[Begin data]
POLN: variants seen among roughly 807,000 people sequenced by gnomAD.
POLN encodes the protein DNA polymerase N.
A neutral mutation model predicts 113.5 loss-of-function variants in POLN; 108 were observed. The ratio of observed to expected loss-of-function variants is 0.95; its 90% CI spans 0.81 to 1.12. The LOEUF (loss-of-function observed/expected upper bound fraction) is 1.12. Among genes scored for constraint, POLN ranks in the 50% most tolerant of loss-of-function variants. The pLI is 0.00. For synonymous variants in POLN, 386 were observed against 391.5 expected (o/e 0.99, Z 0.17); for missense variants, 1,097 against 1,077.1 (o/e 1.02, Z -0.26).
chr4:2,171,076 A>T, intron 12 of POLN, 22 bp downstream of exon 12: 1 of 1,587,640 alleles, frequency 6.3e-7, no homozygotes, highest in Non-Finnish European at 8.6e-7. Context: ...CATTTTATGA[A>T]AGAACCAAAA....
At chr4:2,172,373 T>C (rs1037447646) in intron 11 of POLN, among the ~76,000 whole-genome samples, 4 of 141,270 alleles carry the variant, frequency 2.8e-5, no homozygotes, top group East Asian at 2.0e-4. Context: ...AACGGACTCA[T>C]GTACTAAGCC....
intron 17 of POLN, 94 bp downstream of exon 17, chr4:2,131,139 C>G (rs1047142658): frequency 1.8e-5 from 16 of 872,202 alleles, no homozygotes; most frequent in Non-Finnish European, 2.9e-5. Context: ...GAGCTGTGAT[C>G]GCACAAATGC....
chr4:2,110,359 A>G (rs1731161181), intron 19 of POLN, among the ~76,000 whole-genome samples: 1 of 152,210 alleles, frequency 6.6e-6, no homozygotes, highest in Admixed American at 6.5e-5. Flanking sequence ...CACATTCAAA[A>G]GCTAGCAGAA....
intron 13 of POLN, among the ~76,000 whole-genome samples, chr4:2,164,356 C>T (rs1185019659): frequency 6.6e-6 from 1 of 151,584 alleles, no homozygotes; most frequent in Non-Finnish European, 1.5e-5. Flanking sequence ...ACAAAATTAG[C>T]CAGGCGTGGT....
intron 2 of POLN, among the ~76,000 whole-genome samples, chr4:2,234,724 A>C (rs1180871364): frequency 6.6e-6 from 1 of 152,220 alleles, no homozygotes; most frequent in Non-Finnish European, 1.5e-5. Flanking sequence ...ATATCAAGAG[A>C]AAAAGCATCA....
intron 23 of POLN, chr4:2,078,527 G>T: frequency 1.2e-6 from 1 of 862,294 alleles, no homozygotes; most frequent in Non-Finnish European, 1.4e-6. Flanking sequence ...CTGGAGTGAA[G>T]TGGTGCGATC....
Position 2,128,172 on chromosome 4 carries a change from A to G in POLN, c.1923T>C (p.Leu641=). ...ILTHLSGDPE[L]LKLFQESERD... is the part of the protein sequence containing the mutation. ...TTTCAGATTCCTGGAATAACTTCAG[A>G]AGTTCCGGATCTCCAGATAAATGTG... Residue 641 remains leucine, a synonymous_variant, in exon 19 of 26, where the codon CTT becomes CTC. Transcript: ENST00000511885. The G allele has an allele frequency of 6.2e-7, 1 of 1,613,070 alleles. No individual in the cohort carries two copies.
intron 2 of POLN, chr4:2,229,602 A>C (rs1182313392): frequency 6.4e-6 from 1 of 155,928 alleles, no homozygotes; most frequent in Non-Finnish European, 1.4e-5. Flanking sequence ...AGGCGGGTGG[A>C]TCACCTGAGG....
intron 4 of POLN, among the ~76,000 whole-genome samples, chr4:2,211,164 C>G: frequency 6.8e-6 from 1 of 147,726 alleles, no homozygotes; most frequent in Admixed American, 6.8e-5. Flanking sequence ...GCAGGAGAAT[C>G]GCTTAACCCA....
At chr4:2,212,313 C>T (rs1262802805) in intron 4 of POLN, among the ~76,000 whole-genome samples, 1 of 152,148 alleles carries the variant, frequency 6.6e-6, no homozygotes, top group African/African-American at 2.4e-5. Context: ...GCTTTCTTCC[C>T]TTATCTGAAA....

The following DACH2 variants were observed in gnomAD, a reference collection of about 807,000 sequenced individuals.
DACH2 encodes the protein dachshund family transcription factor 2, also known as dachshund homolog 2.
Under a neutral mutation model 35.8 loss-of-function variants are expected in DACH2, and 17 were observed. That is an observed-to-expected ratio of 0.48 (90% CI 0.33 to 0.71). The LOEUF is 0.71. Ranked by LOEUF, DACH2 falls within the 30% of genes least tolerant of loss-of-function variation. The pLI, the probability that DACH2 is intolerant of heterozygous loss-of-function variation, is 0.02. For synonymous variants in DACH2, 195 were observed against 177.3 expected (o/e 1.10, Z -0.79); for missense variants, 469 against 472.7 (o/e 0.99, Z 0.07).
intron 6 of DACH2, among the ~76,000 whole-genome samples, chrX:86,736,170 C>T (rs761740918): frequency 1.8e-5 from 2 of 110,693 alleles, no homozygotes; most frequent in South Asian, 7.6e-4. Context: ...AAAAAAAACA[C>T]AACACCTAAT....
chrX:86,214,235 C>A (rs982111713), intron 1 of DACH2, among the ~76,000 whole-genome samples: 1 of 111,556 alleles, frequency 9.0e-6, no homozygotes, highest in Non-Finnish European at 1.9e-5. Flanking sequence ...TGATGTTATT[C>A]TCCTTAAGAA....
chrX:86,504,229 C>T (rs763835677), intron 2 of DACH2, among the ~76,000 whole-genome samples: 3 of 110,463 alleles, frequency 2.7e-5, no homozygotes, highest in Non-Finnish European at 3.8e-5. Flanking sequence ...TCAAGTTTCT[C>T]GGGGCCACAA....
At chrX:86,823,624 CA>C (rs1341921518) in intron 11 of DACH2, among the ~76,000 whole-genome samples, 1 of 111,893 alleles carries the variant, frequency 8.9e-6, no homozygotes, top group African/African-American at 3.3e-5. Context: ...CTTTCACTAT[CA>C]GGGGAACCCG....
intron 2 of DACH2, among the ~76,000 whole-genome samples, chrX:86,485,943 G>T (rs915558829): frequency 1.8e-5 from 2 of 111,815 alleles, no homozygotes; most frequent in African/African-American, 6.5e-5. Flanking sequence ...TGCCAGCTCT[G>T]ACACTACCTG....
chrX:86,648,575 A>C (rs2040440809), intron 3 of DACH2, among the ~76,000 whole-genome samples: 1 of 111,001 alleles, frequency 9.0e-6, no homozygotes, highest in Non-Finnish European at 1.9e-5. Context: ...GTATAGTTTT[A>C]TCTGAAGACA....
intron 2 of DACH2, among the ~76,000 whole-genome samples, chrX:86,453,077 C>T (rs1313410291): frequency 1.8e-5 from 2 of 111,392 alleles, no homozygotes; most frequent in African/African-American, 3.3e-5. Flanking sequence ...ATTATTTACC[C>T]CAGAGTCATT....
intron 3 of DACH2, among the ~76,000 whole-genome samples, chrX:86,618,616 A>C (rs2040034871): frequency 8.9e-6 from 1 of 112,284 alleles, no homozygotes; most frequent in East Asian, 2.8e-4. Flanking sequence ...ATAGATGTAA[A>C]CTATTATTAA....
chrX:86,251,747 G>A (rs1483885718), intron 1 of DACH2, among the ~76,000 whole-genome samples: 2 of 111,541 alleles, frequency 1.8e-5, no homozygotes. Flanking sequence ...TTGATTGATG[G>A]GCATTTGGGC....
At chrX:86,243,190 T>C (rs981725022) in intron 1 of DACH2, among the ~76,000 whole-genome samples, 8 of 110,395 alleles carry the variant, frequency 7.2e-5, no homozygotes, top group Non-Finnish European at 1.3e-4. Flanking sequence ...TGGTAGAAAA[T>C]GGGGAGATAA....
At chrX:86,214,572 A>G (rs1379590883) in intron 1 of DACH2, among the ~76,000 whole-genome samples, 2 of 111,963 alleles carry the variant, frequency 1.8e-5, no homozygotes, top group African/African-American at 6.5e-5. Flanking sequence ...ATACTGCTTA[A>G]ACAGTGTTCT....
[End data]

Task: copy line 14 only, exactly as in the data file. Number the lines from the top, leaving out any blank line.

At chr4:2,212,313 C>T (rs1262802805) in intron 4 of POLN, among the ~76,000 whole-genome samples, 1 of 152,148 alleles carries the variant, frequency 6.6e-6, no homozygotes, top group African/African-American at 2.4e-5. Context: ...GCTTTCTTCC[C>T]TTATCTGAAA....